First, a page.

In the winter of 2003, ACE Group, working with the insurance broker Willis, introduced a “Contract Enforcement” Insurance Policy. As described in Transnational Dispute Mgt., Vol. 1, Feb. 2004, either side to a contract can purchase a policy at the time they sign the contract. The insurers “will review the contract in question with their legal advisors to ensure that the terms of the contract are fair and appropriate.” The policy will insure them for the litigation costs incurred in court or arbitral proceedings to enforce the contract. Those costs can be “pursuit costs” by an aggrieved party or “defense costs.”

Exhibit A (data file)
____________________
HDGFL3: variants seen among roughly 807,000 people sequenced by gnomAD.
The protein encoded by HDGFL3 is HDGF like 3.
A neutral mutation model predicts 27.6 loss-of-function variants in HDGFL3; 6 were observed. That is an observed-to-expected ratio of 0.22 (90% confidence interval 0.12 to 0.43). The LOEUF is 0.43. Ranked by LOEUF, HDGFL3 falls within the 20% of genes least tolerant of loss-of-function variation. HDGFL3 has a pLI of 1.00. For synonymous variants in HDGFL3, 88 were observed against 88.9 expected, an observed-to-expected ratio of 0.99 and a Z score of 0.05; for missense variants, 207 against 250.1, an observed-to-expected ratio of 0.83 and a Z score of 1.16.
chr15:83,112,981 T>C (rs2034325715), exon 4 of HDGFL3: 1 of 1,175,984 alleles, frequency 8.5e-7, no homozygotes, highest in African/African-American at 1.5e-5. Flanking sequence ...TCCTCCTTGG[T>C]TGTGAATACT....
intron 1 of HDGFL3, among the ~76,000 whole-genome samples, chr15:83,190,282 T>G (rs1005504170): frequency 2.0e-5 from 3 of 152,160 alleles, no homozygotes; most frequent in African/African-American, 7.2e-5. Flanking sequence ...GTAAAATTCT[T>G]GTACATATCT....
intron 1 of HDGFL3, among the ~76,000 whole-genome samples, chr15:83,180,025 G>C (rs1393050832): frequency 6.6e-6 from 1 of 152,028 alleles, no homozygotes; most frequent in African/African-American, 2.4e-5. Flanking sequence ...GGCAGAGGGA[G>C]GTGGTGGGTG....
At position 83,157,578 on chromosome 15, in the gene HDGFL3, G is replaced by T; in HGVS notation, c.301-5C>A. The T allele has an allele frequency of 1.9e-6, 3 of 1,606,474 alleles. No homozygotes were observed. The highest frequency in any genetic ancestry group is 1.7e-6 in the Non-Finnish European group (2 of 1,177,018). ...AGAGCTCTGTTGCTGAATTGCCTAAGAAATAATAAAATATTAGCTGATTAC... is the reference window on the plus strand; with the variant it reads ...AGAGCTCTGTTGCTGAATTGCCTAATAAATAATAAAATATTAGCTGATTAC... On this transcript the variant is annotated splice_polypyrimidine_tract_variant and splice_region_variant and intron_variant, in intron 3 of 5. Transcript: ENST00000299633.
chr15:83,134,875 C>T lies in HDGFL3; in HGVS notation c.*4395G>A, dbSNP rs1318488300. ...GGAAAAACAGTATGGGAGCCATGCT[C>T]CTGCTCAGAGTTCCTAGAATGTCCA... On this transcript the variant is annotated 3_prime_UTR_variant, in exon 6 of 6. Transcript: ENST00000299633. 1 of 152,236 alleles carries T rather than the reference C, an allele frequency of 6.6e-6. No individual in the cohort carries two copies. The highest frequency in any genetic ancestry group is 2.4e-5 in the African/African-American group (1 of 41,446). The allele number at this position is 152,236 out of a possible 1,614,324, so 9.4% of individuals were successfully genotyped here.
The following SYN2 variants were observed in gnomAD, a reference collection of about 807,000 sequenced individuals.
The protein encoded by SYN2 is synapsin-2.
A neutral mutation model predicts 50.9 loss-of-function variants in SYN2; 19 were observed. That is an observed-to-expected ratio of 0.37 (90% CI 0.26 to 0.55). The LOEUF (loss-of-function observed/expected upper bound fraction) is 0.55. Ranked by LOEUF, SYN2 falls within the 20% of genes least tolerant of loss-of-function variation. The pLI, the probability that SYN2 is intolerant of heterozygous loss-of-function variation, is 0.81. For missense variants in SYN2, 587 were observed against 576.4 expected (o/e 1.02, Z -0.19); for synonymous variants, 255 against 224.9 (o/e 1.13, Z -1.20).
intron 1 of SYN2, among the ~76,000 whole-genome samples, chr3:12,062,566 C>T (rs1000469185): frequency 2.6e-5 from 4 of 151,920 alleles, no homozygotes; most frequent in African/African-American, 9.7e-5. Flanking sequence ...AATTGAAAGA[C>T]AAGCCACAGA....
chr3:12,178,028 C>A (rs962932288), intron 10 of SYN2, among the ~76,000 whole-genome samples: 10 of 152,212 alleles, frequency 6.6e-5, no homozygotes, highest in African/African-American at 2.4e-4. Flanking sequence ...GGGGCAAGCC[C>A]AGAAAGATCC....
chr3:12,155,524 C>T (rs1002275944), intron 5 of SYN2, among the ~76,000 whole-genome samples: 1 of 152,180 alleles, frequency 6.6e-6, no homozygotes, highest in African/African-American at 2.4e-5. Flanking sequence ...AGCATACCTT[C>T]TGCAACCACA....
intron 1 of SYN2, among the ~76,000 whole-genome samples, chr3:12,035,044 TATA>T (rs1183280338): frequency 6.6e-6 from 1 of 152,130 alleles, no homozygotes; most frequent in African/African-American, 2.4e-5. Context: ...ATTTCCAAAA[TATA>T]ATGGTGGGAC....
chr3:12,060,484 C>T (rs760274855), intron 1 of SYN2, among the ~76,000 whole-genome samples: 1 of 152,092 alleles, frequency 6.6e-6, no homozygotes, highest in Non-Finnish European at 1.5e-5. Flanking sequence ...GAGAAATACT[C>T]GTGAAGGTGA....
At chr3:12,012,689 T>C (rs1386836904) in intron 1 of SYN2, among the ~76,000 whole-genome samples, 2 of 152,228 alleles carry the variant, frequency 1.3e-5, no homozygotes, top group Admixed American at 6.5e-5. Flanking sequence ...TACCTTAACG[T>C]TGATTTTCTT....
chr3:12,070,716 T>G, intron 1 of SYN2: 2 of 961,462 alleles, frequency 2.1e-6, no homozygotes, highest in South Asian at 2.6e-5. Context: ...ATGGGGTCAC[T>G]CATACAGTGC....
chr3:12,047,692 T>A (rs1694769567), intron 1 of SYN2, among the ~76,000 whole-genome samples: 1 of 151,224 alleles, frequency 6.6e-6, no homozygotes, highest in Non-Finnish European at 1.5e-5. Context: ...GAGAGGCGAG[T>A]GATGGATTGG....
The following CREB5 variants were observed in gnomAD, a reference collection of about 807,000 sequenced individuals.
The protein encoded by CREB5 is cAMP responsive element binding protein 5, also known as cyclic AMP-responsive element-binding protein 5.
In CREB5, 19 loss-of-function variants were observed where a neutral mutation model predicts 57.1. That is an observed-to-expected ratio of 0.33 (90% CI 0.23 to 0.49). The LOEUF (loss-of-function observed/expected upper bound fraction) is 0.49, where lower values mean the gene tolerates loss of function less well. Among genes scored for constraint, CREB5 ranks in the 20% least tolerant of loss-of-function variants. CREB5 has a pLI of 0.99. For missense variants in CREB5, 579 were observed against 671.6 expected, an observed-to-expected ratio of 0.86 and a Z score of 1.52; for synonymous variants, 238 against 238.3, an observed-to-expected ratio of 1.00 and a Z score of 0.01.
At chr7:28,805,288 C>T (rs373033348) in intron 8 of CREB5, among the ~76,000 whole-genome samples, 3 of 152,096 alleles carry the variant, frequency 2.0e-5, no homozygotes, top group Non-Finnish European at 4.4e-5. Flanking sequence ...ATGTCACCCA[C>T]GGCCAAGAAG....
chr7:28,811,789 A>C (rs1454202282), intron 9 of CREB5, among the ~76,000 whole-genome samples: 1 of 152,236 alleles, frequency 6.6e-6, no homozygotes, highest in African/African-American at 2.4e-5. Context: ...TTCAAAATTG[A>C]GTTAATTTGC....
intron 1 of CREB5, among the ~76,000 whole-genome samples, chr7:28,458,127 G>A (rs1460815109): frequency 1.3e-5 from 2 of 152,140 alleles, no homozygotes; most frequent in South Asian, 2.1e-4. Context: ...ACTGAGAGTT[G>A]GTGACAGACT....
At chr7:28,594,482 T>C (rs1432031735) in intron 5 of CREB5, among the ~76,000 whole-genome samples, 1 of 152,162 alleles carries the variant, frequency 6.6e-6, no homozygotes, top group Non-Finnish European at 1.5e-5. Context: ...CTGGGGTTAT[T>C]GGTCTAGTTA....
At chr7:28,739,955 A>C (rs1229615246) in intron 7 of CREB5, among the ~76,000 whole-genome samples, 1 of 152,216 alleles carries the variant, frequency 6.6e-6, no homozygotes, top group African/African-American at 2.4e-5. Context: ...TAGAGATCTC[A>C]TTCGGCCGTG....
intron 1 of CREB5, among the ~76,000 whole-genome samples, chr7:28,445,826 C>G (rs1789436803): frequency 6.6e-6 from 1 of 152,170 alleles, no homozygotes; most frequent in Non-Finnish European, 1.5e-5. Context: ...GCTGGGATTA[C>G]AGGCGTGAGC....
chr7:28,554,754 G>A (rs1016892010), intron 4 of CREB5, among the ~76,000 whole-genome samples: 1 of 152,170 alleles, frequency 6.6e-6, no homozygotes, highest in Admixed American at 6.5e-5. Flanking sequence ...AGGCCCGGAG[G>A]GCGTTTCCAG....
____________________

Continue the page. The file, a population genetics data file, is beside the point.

The article also describes “after the event” contract insurance. With these policies, a law department may be able to obtain coverage when litigation over a contract is contemplated. Other forms of insurance are available to protect against the costs of litigation (See my posts of July 25, 2005 and July 20, 2005 — patent litigation; March 23, 2006 #5 – employment practices litigation; and April 23, 2006 – after a lawsuit is filed.).
Why don’t law departments purchase insurance policies to hedge them and their budgets against the vagaries of legal actions?